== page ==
The digital prophets love to talk about people all over the world being connected to one another without leaving the comforts of their recliners, laptops perched on their thighs. This idyllic vision of virtual connectedness suggests that the need to move from one place to another to accomplish various tasks is a thing of the analog past.
Of course, this is fantasy on most levels of human existence. Consider online shopping. My wife’s new favorite company is Zappos.com, the web retailer based in Henderson. While it’s true that she is able to shop for shoes while seated in front of our home computer, that’s far from the end of the story. Once the credit card information is entered and the purchase button is clicked, the next phase of the process begins, and it doesn’t involve magically squeezing the shoes through a fiber optic line.
The shoes must be shipped to Las Vegas from wherever they’re being stored. They likely start their journey on a truck, transfer to an airplane, then return to a truck to be carried to our front porch. But there’s more. Since my wife can’t try on the shoes before she buys them, chances are they don’t fit just right. So the ill-fitting shoes are placed back in the Zappos box and dropped off at the nearest UPS Store.
This cycle of transportation goes on endlessly. Shoes are flying all over this country as customers seek just the right pair for their feet. And it’s not just shoes, of course, it’s the large majority of products we buy and sell.
Transportation of goods, services and people is a huge piece of the world marketplace, and it’s not going away no matter how many promises the digital gurus make. Quick and efficient transportation is an essential element of a vibrant economy.
Las Vegas has invested heavily in and benefited greatly from improvements in air travel. But it has lagged in the development of highways and rail lines linking to the region’s other population centers. The most egregious example is the hodgepodge surface route between Las Vegas and Phoenix.
When I think about going somewhere in the region, my orientation is to the west and southwest. Los Angeles, Orange County, San Diego — these are the regional centers that come to mind. Phoenix never makes the list. No offense to Phoenix. I’ve been there several times, and it’s a fine city. But it’s far from a straight highway shot from Las Vegas to Phoenix. It’s a meandering 300-mile trip, and it takes longer than it should.
You’d think Las Vegas and Phoenix would be natural bosom buddies, joined at the hip economically and culturally. You’d think Las Vegans would be big fans of the Cardinals, Suns and Diamondbacks. But mostly they aren’t. The absence of an efficient north-south transportation corridor is a primary reason.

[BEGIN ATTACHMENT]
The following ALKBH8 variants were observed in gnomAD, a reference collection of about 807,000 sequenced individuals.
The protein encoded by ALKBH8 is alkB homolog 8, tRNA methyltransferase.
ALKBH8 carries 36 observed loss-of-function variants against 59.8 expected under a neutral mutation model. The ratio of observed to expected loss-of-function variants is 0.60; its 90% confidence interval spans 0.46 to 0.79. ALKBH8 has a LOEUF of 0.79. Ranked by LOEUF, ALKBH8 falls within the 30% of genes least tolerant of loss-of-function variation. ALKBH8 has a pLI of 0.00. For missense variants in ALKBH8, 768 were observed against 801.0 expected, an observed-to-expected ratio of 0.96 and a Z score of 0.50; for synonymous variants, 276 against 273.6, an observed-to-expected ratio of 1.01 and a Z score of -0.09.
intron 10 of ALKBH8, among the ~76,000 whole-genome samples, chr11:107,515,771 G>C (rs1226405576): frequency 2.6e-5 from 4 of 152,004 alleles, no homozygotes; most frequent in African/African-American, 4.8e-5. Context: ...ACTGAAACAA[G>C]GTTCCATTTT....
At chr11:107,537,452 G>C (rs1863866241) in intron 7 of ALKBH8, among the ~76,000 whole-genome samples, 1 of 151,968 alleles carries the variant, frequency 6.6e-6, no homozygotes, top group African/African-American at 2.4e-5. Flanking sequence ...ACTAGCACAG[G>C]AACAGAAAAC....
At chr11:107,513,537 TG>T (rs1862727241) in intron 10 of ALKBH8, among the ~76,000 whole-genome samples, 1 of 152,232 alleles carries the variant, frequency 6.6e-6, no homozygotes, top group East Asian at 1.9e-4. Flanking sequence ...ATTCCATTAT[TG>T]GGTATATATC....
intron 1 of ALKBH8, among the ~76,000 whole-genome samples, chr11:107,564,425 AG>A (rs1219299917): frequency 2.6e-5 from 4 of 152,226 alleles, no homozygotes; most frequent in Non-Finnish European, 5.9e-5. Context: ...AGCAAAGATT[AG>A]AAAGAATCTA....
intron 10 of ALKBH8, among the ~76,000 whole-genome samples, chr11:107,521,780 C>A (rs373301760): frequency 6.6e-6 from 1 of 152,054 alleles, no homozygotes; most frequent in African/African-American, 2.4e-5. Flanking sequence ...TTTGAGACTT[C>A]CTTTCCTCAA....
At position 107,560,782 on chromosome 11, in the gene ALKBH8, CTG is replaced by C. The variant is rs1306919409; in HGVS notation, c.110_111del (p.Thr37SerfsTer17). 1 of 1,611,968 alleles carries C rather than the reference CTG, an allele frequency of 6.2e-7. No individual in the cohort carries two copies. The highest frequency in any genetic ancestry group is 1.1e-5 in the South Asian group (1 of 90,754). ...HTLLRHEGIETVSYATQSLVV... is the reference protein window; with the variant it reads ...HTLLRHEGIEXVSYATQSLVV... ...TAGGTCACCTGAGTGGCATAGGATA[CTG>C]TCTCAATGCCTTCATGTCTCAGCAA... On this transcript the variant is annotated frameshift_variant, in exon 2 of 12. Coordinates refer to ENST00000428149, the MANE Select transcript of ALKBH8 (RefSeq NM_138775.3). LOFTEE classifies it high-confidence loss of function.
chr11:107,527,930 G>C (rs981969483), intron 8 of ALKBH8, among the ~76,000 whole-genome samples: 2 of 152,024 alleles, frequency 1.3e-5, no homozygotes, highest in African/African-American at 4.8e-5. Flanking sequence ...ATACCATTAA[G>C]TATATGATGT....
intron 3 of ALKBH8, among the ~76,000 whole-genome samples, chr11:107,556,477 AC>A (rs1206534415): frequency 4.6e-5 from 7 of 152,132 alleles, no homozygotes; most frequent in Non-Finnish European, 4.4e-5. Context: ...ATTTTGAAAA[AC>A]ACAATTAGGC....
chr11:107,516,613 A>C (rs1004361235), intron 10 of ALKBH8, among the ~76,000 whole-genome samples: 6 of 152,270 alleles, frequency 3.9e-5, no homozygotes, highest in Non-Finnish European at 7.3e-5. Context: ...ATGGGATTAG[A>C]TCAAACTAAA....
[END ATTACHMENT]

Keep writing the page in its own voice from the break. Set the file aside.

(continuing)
There’s a movement to change this, and it comes under the general heading of Interstate 11. It doesn’t exist yet, but the idea is gaining momentum in Arizona and Nevada. One step in the right direction will debut in early November: the $114 million Hoover Dam bypass bridge spanning the Colorado River. The Mike O’Callaghan-Pat Tillman Memorial Bridge will save truckers from having to endure long detours to avoid the dam. Commuters and tourists will save time as well, avoiding the Homeland Security checkpoint and the winding, narrow highway crossing the dam.
The bridge will represent a big improvement to the Las Vegas-Phoenix corridor, but it’s only one piece of the puzzle. Long stretches of roadway still need to be expanded to four-lane divided highway, and a $500 million highway bypassing Boulder City is needed not only to eliminate another traffic slowdown but to preserve the tranquility of that small community.
The full vision for I-11 is far more ambitious than anything I have described so far. It would dramatically improve the transportation corridor from Mexico all the way to Canada over the next 40 years or so. But much can be done sooner.
While money is the primary challenge, a possible answer surfaced just this week when President Obama proposed a job-creating initiative focused on upgrading the nation’s roads, runways and rail lines. Under the $350 billion, six-year plan, Obama would create an “infrastructure bank,” with a panel of experts deciding which projects to fund based on merit rather than political influence.
Improving the Las Vegas-Phoenix corridor surely would meet the merit test. Construction projects would create jobs in two of the states hit hardest by the Great Recession, and the end product would generate new economic activity and diversification in two of the Southwest’s largest hubs.
The digital transmission of messages by wire and through the air is an increasingly important part of the modern world. But the time-honored modes of transporting freight and people remain the bedrock of the economy.
With the exception of tourism, Las Vegas remains relatively isolated from the jetstreams of global commerce. Improving the transportation corridor to Phoenix, as well as to Southern California, could transform the Las Vegas economy in ways we can only imagine today.
Geoff Schumacher (email@example.com) is the Review-Journal’s director of community publications. His column appears Friday.